“We’ve known that the last few decades have been very warm. But we’ve found that temperatures are on the order of two degrees Celsius warmer than any time in the last 10,000 years — that was a surprise,” Duane Froese, professor in the Department of Earth and Atmospheric Science, and Canada Research Chair in Northern Environmental Change, said in a Wednesday release.
Froese, co-author of the study, said the resulting rise in permafrost thaw across the Arctic is destabilizing soil carbon, which may further accelerate warming.
The study found that previous record highs occurred during the early Holocene period — around 9,900 and 6,400 years ago. But even without the unique circumstances of that period, when the Earth’s axis was more strongly directed toward the sun, current Arctic temperatures have exceeded those records.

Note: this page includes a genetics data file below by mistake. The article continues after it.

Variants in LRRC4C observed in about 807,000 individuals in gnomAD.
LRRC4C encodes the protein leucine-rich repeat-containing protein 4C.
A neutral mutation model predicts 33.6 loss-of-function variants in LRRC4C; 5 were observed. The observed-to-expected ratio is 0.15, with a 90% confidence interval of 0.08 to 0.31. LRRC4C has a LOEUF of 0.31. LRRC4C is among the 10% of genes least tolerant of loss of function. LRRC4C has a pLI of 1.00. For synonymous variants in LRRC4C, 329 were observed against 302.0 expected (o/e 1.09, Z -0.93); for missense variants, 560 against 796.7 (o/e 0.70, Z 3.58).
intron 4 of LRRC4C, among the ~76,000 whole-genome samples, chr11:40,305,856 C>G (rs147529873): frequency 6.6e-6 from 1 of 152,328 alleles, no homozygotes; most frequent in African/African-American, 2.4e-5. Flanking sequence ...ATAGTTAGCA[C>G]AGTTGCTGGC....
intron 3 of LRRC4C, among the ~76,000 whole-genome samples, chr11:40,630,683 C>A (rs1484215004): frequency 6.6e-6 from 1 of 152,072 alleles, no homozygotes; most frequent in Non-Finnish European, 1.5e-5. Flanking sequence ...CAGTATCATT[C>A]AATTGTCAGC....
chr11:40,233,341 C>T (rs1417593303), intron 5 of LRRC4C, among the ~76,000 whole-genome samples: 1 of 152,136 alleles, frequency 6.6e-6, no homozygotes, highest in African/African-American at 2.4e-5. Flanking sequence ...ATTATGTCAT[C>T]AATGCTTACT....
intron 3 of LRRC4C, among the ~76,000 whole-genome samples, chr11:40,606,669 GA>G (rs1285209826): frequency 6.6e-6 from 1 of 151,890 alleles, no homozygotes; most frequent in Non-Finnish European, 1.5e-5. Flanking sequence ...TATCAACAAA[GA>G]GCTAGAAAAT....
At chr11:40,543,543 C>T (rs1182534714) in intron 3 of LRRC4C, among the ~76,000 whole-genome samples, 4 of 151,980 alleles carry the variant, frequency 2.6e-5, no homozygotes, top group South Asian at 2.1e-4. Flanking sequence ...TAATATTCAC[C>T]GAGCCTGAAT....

“All indications from this new study are that temperatures and the impacts of recent warming are only picking up and getting stronger,” said Froese. “We are moving into uncharted waters with respect to climate change in the North.”
The rising temperatures have had implications across northern Canada already, with another recent U of A study reporting record levels of mercury released by thawing permafrost.
“The impacts of warming across the North are being felt at an alarming rate and this study provides further evidence that we are well beyond anything our planet has known in the last 10,000 years,” said Froese. “Clearly, we need to come to terms with the impacts of these warmer temperatures and consequences for northern communities, infrastructure and lifestyles.”